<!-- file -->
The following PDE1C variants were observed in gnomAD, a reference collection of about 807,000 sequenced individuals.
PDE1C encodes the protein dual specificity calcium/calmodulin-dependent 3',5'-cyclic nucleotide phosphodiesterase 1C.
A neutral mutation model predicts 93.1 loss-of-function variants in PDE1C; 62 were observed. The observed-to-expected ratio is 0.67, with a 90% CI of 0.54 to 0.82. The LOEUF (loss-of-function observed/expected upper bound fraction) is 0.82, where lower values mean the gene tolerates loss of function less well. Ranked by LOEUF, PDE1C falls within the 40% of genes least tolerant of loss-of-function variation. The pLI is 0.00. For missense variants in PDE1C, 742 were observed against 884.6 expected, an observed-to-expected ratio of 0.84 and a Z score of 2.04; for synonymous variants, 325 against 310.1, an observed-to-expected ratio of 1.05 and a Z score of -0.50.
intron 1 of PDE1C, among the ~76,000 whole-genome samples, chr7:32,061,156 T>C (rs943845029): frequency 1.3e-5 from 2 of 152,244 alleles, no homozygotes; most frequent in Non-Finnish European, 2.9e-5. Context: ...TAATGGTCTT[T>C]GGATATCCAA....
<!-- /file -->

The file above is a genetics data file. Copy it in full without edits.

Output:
The following PDE1C variants were observed in gnomAD, a reference collection of about 807,000 sequenced individuals.
PDE1C encodes the protein dual specificity calcium/calmodulin-dependent 3',5'-cyclic nucleotide phosphodiesterase 1C.
A neutral mutation model predicts 93.1 loss-of-function variants in PDE1C; 62 were observed. The observed-to-expected ratio is 0.67, with a 90% CI of 0.54 to 0.82. The LOEUF (loss-of-function observed/expected upper bound fraction) is 0.82, where lower values mean the gene tolerates loss of function less well. Ranked by LOEUF, PDE1C falls within the 40% of genes least tolerant of loss-of-function variation. The pLI is 0.00. For missense variants in PDE1C, 742 were observed against 884.6 expected, an observed-to-expected ratio of 0.84 and a Z score of 2.04; for synonymous variants, 325 against 310.1, an observed-to-expected ratio of 1.05 and a Z score of -0.50.
intron 1 of PDE1C, among the ~76,000 whole-genome samples, chr7:32,061,156 T>C (rs943845029): frequency 1.3e-5 from 2 of 152,244 alleles, no homozygotes; most frequent in Non-Finnish European, 2.9e-5. Context: ...TAATGGTCTT[T>C]GGATATCCAA....